Column: More on the Marriott time-share project
City councilman Hal Cole made some excellent points as he chastised me for my recent editorial opposing a Marriott time-share project. The project, which the South Lake Tahoe Redevelopment Agency approved Tuesday, would add 409 units of time-share to the Park Avenue Project.
I had argued that more time-share in the redevelopment area beyond the already approved Grand Summit Resort Hotel quarter-share project would decrease the city’s lodging mix, decrease future transient occupancy tax and keep tourist dollars on the ski hill.
Such is not the case, said Cole.
The foremost problem with erecting hotel rooms is that banks are simply not extending money for such construction, except in prime locations like downtown San Francisco. If no money is readily available for new hotel construction, the risk and expense of building such facilities is simply not a gamble corporations are going to make; no matter how much communities like South Lake Tahoe may wish it otherwise.
But the key reason for Cole and other city council members backing the Marriott project is that it places the community at less risk than if the project were to be completed by American Ski Corporation.
“The biggest concern for me is making sure we can pay off the debt of redevelopment over the next 30 years without having to take money from the city’s general fund,” said Cole.
In that regard, Cole feels it a far safer position for the city to be working with a huge corporation like Marriott,
which has a proven track record over the long haul, than to put both key lodging projects into the hands of ASC. ASC has its hands full trying to get the Grand Summit built. Should it have both projects, the second project could drag out the construction time line as ASC resources get stretched.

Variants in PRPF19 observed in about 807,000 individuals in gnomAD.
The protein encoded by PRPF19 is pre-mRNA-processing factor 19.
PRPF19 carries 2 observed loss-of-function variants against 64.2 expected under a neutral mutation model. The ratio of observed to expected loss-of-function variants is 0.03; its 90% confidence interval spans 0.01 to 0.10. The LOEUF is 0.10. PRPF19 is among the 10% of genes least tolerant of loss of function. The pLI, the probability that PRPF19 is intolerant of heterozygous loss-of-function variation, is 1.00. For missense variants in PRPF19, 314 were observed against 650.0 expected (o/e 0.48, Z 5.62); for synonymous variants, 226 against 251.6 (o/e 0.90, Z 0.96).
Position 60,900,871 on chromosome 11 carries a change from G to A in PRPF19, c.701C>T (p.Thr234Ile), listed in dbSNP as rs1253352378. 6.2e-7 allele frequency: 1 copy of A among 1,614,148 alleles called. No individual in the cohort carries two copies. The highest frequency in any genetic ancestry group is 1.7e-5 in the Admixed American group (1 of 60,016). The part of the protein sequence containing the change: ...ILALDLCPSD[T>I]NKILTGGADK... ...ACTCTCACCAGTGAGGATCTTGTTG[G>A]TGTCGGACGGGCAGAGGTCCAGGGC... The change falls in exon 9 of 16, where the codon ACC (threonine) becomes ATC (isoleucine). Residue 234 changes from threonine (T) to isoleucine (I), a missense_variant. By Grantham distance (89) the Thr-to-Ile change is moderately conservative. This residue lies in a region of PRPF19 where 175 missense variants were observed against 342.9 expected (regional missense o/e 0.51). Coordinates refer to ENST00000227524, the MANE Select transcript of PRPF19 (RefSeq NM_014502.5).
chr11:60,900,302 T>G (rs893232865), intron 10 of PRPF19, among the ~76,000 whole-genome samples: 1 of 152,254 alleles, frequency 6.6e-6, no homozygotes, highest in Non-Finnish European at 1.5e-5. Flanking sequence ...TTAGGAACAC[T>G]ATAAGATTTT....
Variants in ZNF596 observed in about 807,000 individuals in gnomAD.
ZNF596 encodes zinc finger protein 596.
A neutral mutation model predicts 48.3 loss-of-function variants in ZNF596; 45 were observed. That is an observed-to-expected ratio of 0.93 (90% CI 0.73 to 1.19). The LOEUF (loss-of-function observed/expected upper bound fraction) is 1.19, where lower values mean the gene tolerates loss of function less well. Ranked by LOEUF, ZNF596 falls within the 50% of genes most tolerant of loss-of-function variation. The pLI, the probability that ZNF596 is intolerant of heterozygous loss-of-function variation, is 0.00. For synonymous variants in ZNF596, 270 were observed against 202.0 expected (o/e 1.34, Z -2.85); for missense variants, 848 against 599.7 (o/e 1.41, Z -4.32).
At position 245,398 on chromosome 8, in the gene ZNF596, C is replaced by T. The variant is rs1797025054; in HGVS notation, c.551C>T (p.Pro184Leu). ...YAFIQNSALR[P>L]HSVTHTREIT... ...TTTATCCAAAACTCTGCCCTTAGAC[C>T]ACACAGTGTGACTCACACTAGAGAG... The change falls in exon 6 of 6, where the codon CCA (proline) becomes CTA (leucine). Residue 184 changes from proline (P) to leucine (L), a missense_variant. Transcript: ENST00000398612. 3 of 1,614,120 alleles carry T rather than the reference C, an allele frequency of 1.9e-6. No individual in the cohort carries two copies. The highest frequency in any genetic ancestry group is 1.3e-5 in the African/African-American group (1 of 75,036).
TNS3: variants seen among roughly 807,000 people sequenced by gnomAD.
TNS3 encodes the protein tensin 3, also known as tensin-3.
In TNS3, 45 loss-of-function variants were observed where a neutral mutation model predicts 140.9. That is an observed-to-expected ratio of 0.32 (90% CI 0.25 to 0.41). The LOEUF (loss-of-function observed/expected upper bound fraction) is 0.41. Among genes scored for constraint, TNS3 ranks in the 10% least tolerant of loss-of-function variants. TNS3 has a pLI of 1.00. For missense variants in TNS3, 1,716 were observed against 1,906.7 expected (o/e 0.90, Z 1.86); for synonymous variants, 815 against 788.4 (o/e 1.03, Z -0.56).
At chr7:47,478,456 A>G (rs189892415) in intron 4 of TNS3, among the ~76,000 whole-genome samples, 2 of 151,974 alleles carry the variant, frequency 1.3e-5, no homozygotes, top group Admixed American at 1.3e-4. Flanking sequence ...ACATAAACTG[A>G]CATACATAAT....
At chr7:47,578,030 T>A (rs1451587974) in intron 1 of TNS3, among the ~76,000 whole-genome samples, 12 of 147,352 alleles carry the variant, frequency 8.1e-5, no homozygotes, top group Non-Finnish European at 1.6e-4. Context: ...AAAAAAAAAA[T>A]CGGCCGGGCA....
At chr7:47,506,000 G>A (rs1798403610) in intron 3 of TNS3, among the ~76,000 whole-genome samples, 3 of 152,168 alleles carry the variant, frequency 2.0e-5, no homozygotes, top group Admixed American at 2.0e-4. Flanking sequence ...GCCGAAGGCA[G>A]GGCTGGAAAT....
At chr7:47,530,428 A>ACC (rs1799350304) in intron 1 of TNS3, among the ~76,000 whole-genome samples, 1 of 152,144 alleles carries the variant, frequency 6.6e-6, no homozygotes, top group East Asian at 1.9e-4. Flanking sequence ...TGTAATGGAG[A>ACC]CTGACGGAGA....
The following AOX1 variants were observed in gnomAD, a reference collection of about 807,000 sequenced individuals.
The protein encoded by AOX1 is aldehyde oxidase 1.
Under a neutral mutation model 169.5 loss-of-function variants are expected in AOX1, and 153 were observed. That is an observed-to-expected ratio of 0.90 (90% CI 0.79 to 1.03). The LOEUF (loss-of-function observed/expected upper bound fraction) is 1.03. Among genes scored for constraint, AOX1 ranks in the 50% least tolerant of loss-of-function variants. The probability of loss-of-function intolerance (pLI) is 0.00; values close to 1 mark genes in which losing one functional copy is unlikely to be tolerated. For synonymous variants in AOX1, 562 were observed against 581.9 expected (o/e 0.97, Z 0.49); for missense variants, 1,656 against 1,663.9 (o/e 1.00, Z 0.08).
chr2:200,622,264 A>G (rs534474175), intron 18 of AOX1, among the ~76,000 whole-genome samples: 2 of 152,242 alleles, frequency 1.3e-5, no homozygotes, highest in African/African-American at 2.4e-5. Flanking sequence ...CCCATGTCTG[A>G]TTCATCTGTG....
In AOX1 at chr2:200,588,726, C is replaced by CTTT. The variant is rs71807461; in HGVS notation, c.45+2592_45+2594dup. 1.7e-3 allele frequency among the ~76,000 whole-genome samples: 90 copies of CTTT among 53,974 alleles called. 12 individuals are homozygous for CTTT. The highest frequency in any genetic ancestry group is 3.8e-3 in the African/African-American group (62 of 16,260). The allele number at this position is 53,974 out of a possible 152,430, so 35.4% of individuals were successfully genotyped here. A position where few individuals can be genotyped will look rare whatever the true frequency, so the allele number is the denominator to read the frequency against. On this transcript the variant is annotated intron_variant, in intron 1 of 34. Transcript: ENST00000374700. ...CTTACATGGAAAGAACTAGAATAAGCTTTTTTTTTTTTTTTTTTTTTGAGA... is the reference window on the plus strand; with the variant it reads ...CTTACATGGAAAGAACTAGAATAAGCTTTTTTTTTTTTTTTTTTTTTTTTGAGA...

Good point. We have had too many problems already with all our redevelopment eggs in one ASC basket.
The other key point Cole made was about the nature of Marriott’s time-shares themselves. Marriott has a mix of accommodations available and a global base from which to market them. Rather than just buying a specific time-share unit, a Marriott time-share owner buys into a pool, using points to stay in whichever Marriott has facilities.
People who buy into a quarter-share unit, like those proposed for the Grand Summit, are investing more than $100,000. And folks who can afford that kind of money probably aren’t as interested in reaping the $30 to $40 per night they could get if they put the unit into a rental pool for overnight accommodations.
Again, not so with Marriott. Its huge, global reservation system already gets about 2,000 calls a year looking for lodging at Lake Tahoe. With a Marriott presences here, the South Shore gains access to that global customer base
As Cole said, the folks who are calling Marriott’s 1-800 number aren’t those people just driving up for the weekend and looking for vacancy signs.
As far as TOT is concerned, the amount collected from time-share units will be less than that collected from a conventional hotel. According to a redevelopment financial consultant, that shortfall would be offset by property taxes, which he claims are a more stable resource than TOT that fluctuates with the season and the weather.
That may be. Let’s hope so. However, I am significantly more comfortable with the TOT that Marriott, with its global reach, can generate than I am with a much smaller corporation proposing the same project.
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